Has Hip Hop Gone Too Far?

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Hip Hop isn’t dead. It’s just moved to the internet. The new internet rap is like a gangsta reality TV show, an urban survivor in which rappers compete to be the head of the Hip Hop crime family. Given the fact that there is no censorship on the internet, these rappers are free to use guns, drugs, violence nudity, the n-word and every other curse word on the planet.

Rap has always been driven by competitive battles. Rappers in the spirit of friendly competition would challenge other rappers by outdoing them musically and lyrically. Now rather than make songs, rappers simply get on camera and threaten, humiliate and belittle other rappers. Often times they pull out guns or threaten to hurt kill or injure other rappers. These new video clips are getting way more hits than any of these rappers’ songs.

Rappers are no longer defined by their musical talent wit or creativity. They are graded by their criminal past, toughness, money ability to dish out and take punishment. Rap has become less of a music and more of a spectacle for beef and criminality.

Rap has become a modern version of wrestling in which cartoonish stereotypical oafs make threats against their enemies, except for their beefs are not addressed in the ring but on the internet and occasionally real life.

These rappers promote gangs, gang violence, the distribution of cocaine, guns, marijuana use as well as the use of prescription pills. While Hip Hop used to document the negative elements of the black community now it seems to glamorize and promote them.

50 Cent seems to be the Vince McMahon of rap’s WWE. Not only does he profit off his own beef’s but he also profit’s off every rapper’s beef. 50 Cent owns  thisis50.com and his co-hort DJ Whoo Kid owns worldstarhiphop.com. Both sites routinely show rappers threatening each other and their family members and associates.

Recently 50 Cent narrated and promoted a pornographic movie with the mother of one of his enemies, Rick Ross’s child’e mother. He also released footage in which some of his followers find another enemy of his, DJ Khaled’s mother and taunt her. Another one of 50 Cent’s associates, Tony Yayo said if he was there he would’ve put Khaled’s mom in the trunk.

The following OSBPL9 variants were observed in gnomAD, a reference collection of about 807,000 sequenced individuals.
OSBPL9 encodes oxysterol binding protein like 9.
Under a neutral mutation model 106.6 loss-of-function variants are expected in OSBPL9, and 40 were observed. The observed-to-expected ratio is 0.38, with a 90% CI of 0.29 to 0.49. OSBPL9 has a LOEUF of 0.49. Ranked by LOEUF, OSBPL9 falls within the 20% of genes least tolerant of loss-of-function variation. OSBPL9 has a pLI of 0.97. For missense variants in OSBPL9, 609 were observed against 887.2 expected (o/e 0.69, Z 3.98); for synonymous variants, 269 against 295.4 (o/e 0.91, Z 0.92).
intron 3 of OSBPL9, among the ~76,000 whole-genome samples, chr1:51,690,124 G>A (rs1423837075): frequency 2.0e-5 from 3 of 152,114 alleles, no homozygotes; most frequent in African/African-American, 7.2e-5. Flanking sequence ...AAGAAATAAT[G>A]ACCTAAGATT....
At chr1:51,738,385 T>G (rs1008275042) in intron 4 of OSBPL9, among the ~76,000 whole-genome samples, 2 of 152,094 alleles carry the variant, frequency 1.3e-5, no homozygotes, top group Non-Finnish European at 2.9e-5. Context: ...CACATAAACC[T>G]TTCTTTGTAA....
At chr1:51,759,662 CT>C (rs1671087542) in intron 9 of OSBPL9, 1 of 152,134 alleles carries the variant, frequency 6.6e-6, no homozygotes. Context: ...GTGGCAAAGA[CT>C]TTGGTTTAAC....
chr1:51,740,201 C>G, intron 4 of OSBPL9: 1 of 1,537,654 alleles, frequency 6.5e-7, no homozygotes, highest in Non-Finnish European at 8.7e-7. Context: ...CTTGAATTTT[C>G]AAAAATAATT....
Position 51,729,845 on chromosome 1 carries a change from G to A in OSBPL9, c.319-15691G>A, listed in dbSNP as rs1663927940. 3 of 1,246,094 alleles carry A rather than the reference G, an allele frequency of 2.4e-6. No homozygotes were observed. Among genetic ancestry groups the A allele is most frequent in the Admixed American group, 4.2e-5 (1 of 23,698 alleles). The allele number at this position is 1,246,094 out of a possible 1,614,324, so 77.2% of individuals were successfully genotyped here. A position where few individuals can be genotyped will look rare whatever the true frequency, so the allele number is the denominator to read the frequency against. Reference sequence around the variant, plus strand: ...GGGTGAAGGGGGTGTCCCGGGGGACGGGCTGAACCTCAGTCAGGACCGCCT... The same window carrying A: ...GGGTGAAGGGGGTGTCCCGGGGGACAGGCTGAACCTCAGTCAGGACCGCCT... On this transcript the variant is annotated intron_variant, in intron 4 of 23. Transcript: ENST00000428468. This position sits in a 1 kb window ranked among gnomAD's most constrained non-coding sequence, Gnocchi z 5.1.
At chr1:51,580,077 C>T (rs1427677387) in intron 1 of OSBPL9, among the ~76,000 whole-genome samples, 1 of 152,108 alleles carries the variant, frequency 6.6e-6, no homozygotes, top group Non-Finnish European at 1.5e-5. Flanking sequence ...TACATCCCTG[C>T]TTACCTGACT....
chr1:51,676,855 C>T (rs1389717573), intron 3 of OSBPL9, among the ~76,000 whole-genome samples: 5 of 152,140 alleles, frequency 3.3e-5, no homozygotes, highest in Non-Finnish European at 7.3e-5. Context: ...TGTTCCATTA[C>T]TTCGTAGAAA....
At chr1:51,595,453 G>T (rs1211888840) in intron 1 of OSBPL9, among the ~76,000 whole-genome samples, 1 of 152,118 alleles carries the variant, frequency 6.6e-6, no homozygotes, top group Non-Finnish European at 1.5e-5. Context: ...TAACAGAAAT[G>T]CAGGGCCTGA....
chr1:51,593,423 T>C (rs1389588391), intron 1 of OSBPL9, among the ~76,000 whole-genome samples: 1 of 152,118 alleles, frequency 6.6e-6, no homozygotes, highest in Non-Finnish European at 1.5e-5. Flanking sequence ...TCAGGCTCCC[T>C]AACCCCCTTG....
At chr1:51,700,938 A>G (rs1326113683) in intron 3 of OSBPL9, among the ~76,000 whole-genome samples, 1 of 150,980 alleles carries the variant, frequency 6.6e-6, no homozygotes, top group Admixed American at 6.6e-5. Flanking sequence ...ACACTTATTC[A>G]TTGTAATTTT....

Of course one can remember a few years back when 50 Cent and The Game’s beef escalated to where The Game confronted 50’s camp at radio station, Hot 97 and one of his friends. Black media, gossip and Hip Hop sites add fuel to the fire giving the rappers a forum to disrespect each other publicly.

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Hip Hop has become reality TV on the internet, with viewers rooting on their favorite gangsters and waiting for humiliation, fist-fights and possibly gunshots. Not only is this new practice of internet beefing destructive to the rappers but also to the millions of black kids who look up to them and the white hip hop fans who see these goons as representative of black culture.

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Hip Hop taking criticism from O’Reilly and co for being offensive is like the the Crips taking criticism from Al Qaeda for violence. Still, the black community and the Hip Hop community must address the growing negativity in Hip Hop. As a teacher in the Bronx, I’ve seen how young blacks and Latinos idolize and emulate their favorite rapper’s their style, slang and attitudes. While the beefs and disrespect might be entertaining to some the affect it has on our youth and the image of black people is quite disturbing.

Hip Hop was once a way for African Americans to express social and political views but has become a combination of a minstrel show, reality TV show and a blacksploitation movie. There is still a good deal of positive Hip Hop out there but the internet gatekeepers only seem to promote the negative. The people who run  Hip Hop radio, internet, magazines and TV shows are like school children at the playground oohing, ahhing, instigating and egging on the rappers to beef.

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